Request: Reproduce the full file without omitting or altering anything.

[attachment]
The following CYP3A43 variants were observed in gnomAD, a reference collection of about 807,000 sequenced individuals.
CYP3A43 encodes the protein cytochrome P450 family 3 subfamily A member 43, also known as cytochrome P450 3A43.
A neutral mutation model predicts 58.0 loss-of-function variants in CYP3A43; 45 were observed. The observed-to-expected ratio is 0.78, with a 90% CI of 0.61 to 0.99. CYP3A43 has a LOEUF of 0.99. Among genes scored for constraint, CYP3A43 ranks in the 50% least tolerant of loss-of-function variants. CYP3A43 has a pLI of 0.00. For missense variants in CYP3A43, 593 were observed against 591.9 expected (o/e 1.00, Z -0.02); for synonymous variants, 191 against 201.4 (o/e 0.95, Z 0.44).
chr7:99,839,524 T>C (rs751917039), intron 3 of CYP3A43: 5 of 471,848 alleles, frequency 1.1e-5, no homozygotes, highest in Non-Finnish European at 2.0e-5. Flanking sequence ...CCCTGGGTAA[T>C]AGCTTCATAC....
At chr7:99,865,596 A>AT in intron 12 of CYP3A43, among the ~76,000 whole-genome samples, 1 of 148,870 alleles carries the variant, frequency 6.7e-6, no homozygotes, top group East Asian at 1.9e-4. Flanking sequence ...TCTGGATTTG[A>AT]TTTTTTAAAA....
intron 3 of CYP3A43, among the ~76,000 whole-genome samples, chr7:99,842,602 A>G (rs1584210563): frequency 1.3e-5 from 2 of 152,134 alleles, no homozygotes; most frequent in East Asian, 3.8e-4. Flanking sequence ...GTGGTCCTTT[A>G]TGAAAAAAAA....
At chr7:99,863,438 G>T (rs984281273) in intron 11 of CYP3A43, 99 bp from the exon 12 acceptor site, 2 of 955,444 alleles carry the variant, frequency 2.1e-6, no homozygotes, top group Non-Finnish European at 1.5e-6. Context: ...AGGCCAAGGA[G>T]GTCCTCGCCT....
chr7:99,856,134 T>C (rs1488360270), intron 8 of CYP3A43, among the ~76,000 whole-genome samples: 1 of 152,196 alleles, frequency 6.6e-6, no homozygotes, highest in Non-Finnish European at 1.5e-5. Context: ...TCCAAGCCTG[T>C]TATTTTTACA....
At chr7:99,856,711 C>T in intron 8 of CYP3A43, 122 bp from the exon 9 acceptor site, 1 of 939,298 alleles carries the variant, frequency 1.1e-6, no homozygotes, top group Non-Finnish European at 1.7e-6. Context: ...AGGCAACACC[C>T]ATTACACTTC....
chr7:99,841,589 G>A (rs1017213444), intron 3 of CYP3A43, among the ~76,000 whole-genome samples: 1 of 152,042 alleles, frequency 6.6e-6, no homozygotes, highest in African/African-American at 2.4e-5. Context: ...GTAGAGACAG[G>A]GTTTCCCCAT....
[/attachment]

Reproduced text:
The following CYP3A43 variants were observed in gnomAD, a reference collection of about 807,000 sequenced individuals.
CYP3A43 encodes the protein cytochrome P450 family 3 subfamily A member 43, also known as cytochrome P450 3A43.
A neutral mutation model predicts 58.0 loss-of-function variants in CYP3A43; 45 were observed. The observed-to-expected ratio is 0.78, with a 90% CI of 0.61 to 0.99. CYP3A43 has a LOEUF of 0.99. Among genes scored for constraint, CYP3A43 ranks in the 50% least tolerant of loss-of-function variants. CYP3A43 has a pLI of 0.00. For missense variants in CYP3A43, 593 were observed against 591.9 expected (o/e 1.00, Z -0.02); for synonymous variants, 191 against 201.4 (o/e 0.95, Z 0.44).
chr7:99,839,524 T>C (rs751917039), intron 3 of CYP3A43: 5 of 471,848 alleles, frequency 1.1e-5, no homozygotes, highest in Non-Finnish European at 2.0e-5. Flanking sequence ...CCCTGGGTAA[T>C]AGCTTCATAC....
At chr7:99,865,596 A>AT in intron 12 of CYP3A43, among the ~76,000 whole-genome samples, 1 of 148,870 alleles carries the variant, frequency 6.7e-6, no homozygotes, top group East Asian at 1.9e-4. Flanking sequence ...TCTGGATTTG[A>AT]TTTTTTAAAA....
intron 3 of CYP3A43, among the ~76,000 whole-genome samples, chr7:99,842,602 A>G (rs1584210563): frequency 1.3e-5 from 2 of 152,134 alleles, no homozygotes; most frequent in East Asian, 3.8e-4. Flanking sequence ...GTGGTCCTTT[A>G]TGAAAAAAAA....
At chr7:99,863,438 G>T (rs984281273) in intron 11 of CYP3A43, 99 bp from the exon 12 acceptor site, 2 of 955,444 alleles carry the variant, frequency 2.1e-6, no homozygotes, top group Non-Finnish European at 1.5e-6. Context: ...AGGCCAAGGA[G>T]GTCCTCGCCT....
chr7:99,856,134 T>C (rs1488360270), intron 8 of CYP3A43, among the ~76,000 whole-genome samples: 1 of 152,196 alleles, frequency 6.6e-6, no homozygotes, highest in Non-Finnish European at 1.5e-5. Context: ...TCCAAGCCTG[T>C]TATTTTTACA....
At chr7:99,856,711 C>T in intron 8 of CYP3A43, 122 bp from the exon 9 acceptor site, 1 of 939,298 alleles carries the variant, frequency 1.1e-6, no homozygotes, top group Non-Finnish European at 1.7e-6. Context: ...AGGCAACACC[C>T]ATTACACTTC....
chr7:99,841,589 G>A (rs1017213444), intron 3 of CYP3A43, among the ~76,000 whole-genome samples: 1 of 152,042 alleles, frequency 6.6e-6, no homozygotes, highest in African/African-American at 2.4e-5. Context: ...GTAGAGACAG[G>A]GTTTCCCCAT....